IBM security group will test the mettle of security policies by carrying out testing on networks, hardware and humans
IBM has created a new security squadron composed of ethical hackers and cybersecurity professionals with the goal of testing weaknesses in enterprise security before cybercriminals can attack.
The group is called X-Force Red, an apt amalgamation that true American patriots and X-Wing pilot Luke Skywalker would be proud of.
The team, part of IBM Security Services, will also examine human security vulnerabilities in daily processes and procedures that attackers often use to get around security.
X-Force Red will be led by IBM’s Charles Henderson, a penetration testing expert. The team will also draw on a global network of hundreds of security professionals based in dozens of locations around the world, including the United States, the United Kingdom, Australia and Japan.
“Elite human testers can learn how an environment works and create unique attacks using techniques even more sophisticated than what the criminals have. IBM X-Force Red gives organizations the freedom to stay agile without creating blind spots in their security posture.”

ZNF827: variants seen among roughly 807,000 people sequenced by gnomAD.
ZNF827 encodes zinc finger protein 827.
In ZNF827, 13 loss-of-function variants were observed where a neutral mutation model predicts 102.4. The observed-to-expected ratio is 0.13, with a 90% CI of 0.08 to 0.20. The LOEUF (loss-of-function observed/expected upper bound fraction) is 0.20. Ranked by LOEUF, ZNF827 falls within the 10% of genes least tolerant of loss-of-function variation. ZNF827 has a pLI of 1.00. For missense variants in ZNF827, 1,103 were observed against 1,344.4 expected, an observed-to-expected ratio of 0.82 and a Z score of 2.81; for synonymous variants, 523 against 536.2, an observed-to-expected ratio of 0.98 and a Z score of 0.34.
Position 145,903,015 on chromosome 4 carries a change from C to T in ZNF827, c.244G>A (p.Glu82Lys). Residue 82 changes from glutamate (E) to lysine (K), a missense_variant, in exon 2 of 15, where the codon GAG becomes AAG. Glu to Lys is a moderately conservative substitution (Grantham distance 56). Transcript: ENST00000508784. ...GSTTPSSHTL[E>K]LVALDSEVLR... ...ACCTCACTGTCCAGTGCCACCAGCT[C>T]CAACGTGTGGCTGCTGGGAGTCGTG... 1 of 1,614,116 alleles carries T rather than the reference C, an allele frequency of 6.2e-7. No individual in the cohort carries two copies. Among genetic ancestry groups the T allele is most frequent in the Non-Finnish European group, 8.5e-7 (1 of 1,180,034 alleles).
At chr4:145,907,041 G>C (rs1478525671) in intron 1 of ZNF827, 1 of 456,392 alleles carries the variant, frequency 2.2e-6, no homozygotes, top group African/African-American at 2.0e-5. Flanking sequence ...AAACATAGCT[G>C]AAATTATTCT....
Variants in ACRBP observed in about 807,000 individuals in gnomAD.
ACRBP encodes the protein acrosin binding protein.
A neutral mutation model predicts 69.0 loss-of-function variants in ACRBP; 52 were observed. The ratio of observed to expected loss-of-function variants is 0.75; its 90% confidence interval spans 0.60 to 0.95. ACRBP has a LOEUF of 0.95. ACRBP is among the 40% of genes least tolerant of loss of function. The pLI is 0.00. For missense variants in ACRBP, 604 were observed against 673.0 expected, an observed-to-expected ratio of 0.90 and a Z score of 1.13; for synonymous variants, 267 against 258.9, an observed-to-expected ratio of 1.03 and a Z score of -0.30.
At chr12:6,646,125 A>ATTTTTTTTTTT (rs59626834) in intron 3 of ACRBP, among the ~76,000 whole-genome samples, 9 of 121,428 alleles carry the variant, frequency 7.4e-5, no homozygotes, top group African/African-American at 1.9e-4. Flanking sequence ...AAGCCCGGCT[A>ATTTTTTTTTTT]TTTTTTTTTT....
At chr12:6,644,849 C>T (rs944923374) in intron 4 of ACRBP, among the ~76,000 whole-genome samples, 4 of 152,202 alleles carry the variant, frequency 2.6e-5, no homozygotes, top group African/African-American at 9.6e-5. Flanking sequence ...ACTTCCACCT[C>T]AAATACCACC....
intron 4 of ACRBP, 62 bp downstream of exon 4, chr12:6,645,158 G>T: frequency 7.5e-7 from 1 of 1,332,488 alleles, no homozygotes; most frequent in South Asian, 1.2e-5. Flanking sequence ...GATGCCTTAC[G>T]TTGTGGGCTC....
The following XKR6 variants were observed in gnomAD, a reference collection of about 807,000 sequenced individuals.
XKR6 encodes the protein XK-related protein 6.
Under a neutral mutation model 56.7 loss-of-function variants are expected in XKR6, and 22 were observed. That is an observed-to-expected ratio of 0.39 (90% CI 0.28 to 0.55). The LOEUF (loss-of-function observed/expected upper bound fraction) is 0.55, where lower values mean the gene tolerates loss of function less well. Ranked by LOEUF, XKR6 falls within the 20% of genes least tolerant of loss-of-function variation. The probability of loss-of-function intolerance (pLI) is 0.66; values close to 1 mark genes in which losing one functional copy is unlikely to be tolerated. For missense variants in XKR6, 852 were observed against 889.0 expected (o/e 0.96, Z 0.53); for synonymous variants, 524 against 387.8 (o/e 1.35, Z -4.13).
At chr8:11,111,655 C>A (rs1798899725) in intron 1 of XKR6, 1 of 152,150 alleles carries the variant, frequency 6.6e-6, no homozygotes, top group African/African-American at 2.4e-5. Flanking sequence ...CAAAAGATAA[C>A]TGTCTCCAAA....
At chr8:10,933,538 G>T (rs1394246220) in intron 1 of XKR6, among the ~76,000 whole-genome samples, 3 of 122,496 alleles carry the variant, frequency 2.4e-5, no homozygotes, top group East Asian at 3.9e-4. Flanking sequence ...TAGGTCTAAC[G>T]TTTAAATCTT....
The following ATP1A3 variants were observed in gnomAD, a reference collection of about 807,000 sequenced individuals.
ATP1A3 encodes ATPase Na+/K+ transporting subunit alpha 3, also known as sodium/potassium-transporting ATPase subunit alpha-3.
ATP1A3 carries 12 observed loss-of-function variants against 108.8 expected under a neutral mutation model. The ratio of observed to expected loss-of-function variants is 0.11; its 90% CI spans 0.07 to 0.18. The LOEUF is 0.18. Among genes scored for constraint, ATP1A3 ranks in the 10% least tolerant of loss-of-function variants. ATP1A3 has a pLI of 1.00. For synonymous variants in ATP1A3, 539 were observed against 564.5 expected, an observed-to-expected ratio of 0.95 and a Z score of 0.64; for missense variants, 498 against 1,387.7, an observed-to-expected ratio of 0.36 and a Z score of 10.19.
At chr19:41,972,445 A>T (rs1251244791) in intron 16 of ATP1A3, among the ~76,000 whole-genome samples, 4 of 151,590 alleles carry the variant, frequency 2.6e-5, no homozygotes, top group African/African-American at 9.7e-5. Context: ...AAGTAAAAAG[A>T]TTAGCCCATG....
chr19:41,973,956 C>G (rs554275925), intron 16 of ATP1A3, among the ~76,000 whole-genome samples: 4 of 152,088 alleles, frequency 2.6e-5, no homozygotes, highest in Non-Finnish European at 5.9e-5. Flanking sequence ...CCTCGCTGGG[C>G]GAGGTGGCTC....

X-Force Red will have four focus areas, according to IBM: application, network, hardware and human.
The application aspect will carry out penetration testing and source code review to find vulnerabilities in web, mobile, terminal, mainframe and middleware platforms. On networks, X-Force Red will conduct penetration testing of internal, external, wireless and other radio frequencies.
In hardware, IBM will look at verifying the security between the digital and physical realms by testing IoT, PoS systems, ATMs and wearable devices. X-Force Red will also perform simulations of phishing campaigns, social engineering, ransomware and physical security violations to determine the risks of human behaviour.
IBM X-Force Red provides security testing services in three models: individual projects, subscription-based testing, and managed testing programs. The subscription model offers significant costflexibility by pre-allocating testing funds without defining specific testing targets or even test types, claims IBM.
IBM said that the managed testing programs are ideal for customers without the security staff to determine testing priorities, document remediation requirements, and enforce policies.